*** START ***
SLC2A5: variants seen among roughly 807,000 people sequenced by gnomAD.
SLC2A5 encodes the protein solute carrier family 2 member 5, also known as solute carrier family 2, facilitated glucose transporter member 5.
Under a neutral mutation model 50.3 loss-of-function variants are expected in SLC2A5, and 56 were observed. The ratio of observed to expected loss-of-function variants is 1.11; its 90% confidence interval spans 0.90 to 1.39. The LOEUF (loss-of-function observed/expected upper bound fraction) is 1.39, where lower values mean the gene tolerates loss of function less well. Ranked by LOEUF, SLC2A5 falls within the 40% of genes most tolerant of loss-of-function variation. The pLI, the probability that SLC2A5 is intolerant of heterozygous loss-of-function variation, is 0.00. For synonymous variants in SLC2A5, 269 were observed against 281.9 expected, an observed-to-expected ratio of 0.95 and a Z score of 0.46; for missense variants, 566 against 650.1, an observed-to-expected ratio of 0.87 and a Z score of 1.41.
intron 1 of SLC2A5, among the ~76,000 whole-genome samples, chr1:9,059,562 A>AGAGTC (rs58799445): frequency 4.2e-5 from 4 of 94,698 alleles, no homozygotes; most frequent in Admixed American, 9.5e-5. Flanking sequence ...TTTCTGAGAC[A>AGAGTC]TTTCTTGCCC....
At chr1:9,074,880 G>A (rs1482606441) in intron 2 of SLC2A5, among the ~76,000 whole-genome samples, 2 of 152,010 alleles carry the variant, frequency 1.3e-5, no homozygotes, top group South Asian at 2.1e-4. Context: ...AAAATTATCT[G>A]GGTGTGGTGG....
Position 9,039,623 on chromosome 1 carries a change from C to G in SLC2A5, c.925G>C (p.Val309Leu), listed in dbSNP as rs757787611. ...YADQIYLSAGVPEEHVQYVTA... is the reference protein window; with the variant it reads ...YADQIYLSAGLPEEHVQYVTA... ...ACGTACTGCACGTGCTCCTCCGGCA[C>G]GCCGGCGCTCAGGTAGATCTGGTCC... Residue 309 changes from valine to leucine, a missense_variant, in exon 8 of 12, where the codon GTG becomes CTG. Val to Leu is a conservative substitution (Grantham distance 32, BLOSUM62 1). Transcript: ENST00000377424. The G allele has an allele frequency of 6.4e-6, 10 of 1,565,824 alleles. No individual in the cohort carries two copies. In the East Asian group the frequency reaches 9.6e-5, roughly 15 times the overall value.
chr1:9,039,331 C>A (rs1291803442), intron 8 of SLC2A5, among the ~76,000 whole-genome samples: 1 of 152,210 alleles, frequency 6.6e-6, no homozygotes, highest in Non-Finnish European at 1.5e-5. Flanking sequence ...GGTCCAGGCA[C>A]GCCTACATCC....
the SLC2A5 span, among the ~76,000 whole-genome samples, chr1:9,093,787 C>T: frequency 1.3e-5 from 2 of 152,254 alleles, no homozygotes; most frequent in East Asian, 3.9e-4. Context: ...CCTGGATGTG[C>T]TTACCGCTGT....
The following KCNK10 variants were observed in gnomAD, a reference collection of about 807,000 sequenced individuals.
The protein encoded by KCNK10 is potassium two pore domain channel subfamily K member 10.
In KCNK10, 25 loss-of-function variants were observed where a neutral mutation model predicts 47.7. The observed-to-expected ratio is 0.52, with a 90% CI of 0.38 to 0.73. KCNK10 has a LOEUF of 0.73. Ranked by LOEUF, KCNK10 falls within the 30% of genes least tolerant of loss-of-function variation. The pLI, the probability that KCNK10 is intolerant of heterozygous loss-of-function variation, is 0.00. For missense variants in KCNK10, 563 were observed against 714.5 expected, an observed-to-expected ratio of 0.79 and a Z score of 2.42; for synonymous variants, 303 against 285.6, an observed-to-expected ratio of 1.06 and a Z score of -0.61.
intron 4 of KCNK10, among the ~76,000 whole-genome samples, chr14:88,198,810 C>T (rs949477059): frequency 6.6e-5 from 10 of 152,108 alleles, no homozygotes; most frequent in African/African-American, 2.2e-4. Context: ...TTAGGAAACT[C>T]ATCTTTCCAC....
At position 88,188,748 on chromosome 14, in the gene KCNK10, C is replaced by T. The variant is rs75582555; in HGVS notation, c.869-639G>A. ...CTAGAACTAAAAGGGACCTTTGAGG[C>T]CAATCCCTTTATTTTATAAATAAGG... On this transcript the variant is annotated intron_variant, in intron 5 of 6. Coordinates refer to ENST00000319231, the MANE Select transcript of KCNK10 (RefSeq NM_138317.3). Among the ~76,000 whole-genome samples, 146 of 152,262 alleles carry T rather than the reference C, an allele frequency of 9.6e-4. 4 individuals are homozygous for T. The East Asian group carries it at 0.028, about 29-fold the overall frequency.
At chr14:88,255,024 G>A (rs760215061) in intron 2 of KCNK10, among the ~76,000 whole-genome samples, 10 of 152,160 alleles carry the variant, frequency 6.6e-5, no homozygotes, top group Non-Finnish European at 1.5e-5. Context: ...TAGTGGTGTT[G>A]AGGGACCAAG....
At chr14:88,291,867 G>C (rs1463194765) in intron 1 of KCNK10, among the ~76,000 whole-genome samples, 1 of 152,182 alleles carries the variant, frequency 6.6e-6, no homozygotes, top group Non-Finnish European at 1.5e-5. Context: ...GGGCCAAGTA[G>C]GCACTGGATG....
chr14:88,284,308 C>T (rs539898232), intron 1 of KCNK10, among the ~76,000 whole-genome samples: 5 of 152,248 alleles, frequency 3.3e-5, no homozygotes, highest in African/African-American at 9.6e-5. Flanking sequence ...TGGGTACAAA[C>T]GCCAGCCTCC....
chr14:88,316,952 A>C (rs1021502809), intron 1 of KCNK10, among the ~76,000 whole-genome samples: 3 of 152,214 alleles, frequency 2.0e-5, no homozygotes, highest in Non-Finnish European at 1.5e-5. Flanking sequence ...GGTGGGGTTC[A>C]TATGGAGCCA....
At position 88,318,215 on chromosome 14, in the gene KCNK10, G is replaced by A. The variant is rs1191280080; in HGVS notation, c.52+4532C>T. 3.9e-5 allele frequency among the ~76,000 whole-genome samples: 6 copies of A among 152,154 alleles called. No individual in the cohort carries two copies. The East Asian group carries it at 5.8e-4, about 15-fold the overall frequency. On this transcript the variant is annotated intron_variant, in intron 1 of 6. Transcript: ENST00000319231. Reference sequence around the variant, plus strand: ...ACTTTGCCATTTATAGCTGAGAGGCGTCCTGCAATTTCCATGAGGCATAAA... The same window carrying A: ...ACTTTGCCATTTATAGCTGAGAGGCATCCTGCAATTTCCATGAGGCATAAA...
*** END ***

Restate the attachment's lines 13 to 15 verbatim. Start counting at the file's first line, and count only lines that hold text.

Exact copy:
At position 88,188,748 on chromosome 14, in the gene KCNK10, C is replaced by T. The variant is rs75582555; in HGVS notation, c.869-639G>A. ...CTAGAACTAAAAGGGACCTTTGAGG[C>T]CAATCCCTTTATTTTATAAATAAGG... On this transcript the variant is annotated intron_variant, in intron 5 of 6. Coordinates refer to ENST00000319231, the MANE Select transcript of KCNK10 (RefSeq NM_138317.3). Among the ~76,000 whole-genome samples, 146 of 152,262 alleles carry T rather than the reference C, an allele frequency of 9.6e-4. 4 individuals are homozygous for T. The East Asian group carries it at 0.028, about 29-fold the overall frequency.
At chr14:88,255,024 G>A (rs760215061) in intron 2 of KCNK10, among the ~76,000 whole-genome samples, 10 of 152,160 alleles carry the variant, frequency 6.6e-5, no homozygotes, top group Non-Finnish European at 1.5e-5. Context: ...TAGTGGTGTT[G>A]AGGGACCAAG....
At chr14:88,291,867 G>C (rs1463194765) in intron 1 of KCNK10, among the ~76,000 whole-genome samples, 1 of 152,182 alleles carries the variant, frequency 6.6e-6, no homozygotes, top group Non-Finnish European at 1.5e-5. Context: ...GGGCCAAGTA[G>C]GCACTGGATG....